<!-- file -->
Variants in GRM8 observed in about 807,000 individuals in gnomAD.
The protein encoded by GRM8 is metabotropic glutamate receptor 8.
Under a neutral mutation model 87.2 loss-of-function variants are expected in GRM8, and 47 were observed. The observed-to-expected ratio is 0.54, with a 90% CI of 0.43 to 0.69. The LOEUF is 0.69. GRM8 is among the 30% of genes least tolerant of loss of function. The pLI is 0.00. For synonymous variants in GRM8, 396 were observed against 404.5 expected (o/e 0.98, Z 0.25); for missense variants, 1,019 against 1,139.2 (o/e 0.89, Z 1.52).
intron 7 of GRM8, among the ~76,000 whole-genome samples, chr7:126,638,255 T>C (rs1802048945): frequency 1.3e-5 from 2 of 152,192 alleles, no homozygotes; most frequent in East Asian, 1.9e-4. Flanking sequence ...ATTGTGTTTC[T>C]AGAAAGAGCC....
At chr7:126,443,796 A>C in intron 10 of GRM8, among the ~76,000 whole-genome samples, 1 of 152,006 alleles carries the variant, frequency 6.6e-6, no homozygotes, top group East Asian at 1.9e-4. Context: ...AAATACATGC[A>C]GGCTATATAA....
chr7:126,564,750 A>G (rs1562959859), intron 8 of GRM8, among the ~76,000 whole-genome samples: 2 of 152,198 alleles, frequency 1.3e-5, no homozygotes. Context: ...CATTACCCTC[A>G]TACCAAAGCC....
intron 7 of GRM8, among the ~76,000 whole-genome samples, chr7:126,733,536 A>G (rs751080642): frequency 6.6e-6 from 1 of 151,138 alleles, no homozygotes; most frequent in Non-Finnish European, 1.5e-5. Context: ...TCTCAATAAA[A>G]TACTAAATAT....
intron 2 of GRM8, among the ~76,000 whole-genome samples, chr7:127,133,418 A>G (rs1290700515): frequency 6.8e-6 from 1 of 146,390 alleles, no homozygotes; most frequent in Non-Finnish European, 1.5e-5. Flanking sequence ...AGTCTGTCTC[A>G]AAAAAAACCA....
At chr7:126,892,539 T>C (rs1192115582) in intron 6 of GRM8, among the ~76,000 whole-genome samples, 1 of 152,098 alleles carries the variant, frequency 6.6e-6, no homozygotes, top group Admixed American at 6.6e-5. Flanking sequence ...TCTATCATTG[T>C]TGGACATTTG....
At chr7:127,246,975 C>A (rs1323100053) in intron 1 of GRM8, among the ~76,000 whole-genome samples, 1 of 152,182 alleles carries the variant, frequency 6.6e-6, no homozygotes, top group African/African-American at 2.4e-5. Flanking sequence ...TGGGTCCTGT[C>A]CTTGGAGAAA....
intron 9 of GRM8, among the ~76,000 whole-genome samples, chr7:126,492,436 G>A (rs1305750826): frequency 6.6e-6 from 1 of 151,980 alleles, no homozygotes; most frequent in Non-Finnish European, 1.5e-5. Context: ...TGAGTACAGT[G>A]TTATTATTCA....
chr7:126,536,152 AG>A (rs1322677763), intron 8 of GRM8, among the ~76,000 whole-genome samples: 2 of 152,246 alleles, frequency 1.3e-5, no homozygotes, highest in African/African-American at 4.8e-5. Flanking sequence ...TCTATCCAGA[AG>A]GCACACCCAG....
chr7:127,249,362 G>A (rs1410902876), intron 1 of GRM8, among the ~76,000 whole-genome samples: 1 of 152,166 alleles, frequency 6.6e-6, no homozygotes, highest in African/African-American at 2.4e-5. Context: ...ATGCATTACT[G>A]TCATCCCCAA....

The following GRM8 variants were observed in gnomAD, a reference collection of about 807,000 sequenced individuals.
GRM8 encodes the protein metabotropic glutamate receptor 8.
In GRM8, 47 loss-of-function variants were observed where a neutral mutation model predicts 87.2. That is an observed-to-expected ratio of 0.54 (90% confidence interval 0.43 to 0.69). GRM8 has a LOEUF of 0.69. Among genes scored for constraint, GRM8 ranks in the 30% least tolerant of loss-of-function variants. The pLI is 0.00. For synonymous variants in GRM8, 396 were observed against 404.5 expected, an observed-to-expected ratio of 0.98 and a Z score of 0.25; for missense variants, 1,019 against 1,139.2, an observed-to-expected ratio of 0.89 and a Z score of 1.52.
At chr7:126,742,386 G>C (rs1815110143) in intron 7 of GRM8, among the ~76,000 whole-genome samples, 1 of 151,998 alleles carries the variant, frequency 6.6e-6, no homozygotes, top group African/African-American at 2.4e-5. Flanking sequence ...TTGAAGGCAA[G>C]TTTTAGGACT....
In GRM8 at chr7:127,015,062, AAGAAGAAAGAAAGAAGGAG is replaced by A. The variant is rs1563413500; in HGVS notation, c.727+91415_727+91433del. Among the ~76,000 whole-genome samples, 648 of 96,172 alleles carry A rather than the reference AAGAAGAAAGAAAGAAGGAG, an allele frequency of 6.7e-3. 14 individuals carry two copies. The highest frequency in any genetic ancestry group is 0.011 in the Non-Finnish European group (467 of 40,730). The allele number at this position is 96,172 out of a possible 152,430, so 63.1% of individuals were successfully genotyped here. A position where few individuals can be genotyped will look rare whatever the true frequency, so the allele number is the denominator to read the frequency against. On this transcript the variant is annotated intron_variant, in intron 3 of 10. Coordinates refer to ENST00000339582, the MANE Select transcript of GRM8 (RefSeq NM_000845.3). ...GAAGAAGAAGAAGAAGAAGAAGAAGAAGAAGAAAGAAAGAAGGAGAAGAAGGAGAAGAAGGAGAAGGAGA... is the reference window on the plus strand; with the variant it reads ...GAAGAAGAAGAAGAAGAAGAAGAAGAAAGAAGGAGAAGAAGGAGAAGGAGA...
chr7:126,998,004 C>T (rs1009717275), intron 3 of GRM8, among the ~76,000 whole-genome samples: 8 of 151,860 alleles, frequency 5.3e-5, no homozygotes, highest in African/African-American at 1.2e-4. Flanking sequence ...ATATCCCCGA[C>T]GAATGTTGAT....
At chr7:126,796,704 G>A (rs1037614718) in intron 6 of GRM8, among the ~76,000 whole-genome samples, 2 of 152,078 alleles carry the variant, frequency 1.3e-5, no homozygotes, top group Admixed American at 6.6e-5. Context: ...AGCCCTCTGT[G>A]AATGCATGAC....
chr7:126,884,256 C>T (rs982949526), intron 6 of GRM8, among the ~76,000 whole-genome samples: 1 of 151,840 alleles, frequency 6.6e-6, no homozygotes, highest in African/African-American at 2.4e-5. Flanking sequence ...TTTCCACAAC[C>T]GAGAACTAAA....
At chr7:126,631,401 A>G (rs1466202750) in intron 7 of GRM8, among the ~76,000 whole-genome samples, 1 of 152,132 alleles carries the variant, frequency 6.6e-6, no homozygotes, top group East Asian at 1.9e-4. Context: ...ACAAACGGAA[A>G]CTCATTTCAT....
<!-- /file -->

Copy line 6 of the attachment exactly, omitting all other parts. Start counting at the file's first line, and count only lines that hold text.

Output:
chr7:126,564,750 A>G (rs1562959859), intron 8 of GRM8, among the ~76,000 whole-genome samples: 2 of 152,198 alleles, frequency 1.3e-5, no homozygotes. Context: ...CATTACCCTC[A>G]TACCAAAGCC....